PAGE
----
The cyberpunk genre is more strongly represented in the video game world than ever before – at least that's how it feels thanks to CD Projekt Reds Cyberpunk 2077. But big titles like Detroit: Become Human or Watch Dogs: Legion had already appeared before that. Only recently, the course game Ghostrunner was able to convince in our test. Whether the immense shit storm of Cyberpunk 2077 has also dampened interest in the genre remains to be seen in the next few months. All those who still can't keep their hands off neon glowing dystopias should keep an eye on Disjunction by Ape Tribe Games. The stealth game with retro style has a fascinating game world to offer in addition to the motivating gameplay.
The year is 2048. After the global economic collapse a few years ago, the United States is slowly but surely recovering. The traces of this catastrophe are still noticeable: Due to the immense unemployment rate, more and more accommodation for the homeless was built in New York City's Central Park. Violence and substance abuse soon flourished in the former green heart of the Big Apple. The immense park, which has since been renamed Central City, soon split off from the actual city and gained more and more autonomy.
Meanwhile, rival gangs are fighting each other, the NYPD is overwhelmed with the high crime rate and the pressure on the mayor is increasing to allow private companies to help fight crime. We follow the events of three characters who, in this world full of corruption and violence, want one thing above all else: Justice. Their intentions are fundamentally different. The private detective Frank wants to get an innocent Central City leader out of jail, while the muscular Joe with his metal arm and jaw wants to avenge his deceased daughter and the hacker Spider wants to save her gang, which is threatened with disintegration.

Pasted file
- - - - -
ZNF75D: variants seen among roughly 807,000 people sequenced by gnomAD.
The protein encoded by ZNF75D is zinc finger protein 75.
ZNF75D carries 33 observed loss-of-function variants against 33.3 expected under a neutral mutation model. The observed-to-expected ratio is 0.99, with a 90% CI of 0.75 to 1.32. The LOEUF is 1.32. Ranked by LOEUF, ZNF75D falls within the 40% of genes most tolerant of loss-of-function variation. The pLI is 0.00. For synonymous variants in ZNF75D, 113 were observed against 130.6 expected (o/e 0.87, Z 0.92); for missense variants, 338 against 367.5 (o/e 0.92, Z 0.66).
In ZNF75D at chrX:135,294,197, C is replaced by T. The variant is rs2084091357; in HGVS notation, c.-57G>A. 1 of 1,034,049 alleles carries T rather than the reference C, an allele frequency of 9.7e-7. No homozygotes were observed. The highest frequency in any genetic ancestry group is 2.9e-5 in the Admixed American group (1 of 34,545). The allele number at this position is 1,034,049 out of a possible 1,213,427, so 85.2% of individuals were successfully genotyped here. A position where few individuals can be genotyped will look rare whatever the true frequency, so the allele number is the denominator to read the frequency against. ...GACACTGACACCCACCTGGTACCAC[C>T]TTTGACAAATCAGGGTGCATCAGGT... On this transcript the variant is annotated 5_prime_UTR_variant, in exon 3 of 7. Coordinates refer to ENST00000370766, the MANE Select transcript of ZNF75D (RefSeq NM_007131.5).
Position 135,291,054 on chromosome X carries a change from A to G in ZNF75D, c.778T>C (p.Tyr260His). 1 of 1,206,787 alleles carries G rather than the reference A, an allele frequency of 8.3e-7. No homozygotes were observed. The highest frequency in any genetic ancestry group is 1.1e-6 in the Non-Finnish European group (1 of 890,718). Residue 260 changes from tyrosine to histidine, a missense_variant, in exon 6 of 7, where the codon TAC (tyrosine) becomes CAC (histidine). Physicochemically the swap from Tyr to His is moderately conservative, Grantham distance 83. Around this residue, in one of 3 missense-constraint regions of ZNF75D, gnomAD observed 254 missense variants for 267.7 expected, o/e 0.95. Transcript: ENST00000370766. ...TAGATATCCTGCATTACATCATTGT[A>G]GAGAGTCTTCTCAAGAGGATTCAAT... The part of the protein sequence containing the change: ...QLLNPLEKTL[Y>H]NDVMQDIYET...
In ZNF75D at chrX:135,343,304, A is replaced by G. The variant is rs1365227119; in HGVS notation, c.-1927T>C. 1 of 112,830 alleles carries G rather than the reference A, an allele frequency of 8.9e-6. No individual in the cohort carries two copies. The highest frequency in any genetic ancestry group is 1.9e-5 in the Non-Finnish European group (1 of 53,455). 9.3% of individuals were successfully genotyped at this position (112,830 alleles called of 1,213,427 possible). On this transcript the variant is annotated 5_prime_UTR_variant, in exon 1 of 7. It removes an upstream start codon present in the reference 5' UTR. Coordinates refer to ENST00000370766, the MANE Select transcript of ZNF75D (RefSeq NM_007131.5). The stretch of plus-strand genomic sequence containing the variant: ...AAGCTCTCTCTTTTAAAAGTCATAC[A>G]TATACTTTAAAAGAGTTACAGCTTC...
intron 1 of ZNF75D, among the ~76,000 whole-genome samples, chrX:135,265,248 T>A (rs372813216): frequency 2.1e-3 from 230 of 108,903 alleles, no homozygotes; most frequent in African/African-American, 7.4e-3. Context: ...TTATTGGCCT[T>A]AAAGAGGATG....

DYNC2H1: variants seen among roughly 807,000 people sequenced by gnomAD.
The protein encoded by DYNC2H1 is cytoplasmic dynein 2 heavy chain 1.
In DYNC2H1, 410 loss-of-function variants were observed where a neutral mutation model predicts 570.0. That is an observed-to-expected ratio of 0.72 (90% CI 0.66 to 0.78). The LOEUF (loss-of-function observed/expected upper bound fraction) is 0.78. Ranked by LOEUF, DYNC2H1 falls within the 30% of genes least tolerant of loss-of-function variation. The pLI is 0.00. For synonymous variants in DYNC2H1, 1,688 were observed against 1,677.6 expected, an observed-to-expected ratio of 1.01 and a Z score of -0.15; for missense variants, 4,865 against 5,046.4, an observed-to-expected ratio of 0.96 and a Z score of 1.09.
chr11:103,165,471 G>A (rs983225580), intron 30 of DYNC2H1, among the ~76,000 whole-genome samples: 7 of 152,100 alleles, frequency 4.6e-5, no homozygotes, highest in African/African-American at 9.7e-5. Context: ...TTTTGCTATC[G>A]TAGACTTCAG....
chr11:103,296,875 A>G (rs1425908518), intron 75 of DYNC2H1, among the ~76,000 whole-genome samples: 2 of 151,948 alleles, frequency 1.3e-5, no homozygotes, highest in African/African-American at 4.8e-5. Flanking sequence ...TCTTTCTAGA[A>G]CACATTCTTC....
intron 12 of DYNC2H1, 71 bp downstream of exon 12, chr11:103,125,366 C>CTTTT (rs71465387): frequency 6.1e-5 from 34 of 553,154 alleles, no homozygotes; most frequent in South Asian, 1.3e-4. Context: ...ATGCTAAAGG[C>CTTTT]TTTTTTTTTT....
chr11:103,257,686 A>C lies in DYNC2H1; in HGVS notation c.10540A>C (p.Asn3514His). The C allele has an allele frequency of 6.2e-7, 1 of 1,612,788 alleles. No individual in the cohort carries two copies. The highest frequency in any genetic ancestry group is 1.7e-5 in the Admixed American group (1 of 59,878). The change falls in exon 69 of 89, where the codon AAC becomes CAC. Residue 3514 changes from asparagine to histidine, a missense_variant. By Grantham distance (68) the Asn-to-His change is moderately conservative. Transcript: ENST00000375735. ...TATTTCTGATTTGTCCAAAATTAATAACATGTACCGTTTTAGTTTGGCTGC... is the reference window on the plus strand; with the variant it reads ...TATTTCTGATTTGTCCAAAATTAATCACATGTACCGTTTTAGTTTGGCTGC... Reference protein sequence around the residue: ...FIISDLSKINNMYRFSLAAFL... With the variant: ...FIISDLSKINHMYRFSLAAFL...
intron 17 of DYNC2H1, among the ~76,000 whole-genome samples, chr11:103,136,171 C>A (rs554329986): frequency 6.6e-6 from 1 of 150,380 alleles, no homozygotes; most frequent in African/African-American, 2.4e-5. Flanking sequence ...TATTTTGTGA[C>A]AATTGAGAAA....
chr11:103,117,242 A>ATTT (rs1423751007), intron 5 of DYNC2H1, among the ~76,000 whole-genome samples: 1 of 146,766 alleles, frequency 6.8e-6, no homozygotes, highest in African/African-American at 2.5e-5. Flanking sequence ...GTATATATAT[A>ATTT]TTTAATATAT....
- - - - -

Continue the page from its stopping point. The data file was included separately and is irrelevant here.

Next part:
Predictable and yet so good
Source: PC Games
The story of Disjunction sticks to typical cyberpunk themes: What does it mean to be human? What happens when companies become more powerful than the three political pillars? Although the wheel is never reinvented, it can still convince due to the detailed background story and the dense atmosphere. The story is unfortunately quite predictable, which is why the big twist in the end isn't really surprising. How we end disjunction, however, is up to us. Again and again the game presents us with dialog options in which we have to decide about the life and death of different characters. Whether we kill our opponents in the level or not kill them, in some moments it can lead to different conversations and game endings. The replay value increases significantly as a result.